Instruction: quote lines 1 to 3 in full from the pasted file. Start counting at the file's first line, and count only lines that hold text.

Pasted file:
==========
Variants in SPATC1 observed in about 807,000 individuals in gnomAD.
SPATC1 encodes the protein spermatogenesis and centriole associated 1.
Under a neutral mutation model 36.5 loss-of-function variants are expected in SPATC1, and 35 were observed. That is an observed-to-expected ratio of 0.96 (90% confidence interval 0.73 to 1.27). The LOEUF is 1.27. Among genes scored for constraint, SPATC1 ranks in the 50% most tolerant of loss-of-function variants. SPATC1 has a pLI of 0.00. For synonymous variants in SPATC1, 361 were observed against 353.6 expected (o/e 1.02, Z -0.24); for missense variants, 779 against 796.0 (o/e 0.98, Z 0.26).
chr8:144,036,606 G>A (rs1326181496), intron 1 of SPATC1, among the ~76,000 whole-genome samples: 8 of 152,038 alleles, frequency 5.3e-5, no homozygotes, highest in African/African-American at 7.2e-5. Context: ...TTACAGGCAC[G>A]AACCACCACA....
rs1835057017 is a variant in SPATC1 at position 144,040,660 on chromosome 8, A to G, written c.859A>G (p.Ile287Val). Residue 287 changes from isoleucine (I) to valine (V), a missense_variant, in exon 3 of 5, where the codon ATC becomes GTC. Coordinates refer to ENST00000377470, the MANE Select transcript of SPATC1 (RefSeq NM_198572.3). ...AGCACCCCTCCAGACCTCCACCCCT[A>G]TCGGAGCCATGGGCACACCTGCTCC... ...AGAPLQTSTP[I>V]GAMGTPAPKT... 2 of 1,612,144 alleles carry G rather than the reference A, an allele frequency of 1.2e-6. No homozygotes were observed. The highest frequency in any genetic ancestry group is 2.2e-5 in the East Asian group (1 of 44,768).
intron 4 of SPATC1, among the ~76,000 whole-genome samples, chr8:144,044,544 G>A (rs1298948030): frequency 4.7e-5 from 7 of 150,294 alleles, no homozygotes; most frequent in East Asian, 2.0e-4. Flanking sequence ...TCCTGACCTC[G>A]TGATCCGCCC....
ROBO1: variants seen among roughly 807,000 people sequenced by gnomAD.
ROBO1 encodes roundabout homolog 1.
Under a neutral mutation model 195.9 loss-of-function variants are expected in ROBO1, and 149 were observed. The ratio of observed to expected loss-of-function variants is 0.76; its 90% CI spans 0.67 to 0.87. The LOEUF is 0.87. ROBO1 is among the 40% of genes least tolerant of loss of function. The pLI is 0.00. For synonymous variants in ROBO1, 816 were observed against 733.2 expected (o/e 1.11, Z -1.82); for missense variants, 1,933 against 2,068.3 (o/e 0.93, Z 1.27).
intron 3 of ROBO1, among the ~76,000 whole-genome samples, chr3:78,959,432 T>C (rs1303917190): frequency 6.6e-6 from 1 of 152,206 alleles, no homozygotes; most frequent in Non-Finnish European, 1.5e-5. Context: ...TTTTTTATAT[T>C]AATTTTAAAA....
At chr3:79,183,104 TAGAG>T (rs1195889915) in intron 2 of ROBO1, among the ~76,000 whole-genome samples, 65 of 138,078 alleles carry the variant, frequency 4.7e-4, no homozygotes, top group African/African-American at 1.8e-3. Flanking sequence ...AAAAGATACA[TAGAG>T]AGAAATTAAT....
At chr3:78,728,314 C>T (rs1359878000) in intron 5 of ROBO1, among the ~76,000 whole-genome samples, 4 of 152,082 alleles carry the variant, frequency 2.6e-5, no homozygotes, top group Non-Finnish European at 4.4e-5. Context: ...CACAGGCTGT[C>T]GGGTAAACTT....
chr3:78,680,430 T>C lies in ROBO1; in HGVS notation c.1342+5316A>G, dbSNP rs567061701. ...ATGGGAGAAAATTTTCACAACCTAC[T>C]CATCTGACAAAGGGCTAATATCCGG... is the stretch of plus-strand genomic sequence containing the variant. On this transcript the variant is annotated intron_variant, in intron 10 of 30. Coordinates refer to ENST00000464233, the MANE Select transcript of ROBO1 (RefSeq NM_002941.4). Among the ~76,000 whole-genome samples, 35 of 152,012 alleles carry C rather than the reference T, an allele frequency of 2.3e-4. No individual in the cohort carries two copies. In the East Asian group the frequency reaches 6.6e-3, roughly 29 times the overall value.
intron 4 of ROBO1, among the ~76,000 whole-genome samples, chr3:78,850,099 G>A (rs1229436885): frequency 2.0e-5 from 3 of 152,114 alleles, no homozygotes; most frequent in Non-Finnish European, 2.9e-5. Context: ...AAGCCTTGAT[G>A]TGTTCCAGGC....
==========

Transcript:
Variants in SPATC1 observed in about 807,000 individuals in gnomAD.
SPATC1 encodes the protein spermatogenesis and centriole associated 1.
Under a neutral mutation model 36.5 loss-of-function variants are expected in SPATC1, and 35 were observed. That is an observed-to-expected ratio of 0.96 (90% confidence interval 0.73 to 1.27). The LOEUF is 1.27. Among genes scored for constraint, SPATC1 ranks in the 50% most tolerant of loss-of-function variants. SPATC1 has a pLI of 0.00. For synonymous variants in SPATC1, 361 were observed against 353.6 expected (o/e 1.02, Z -0.24); for missense variants, 779 against 796.0 (o/e 0.98, Z 0.26).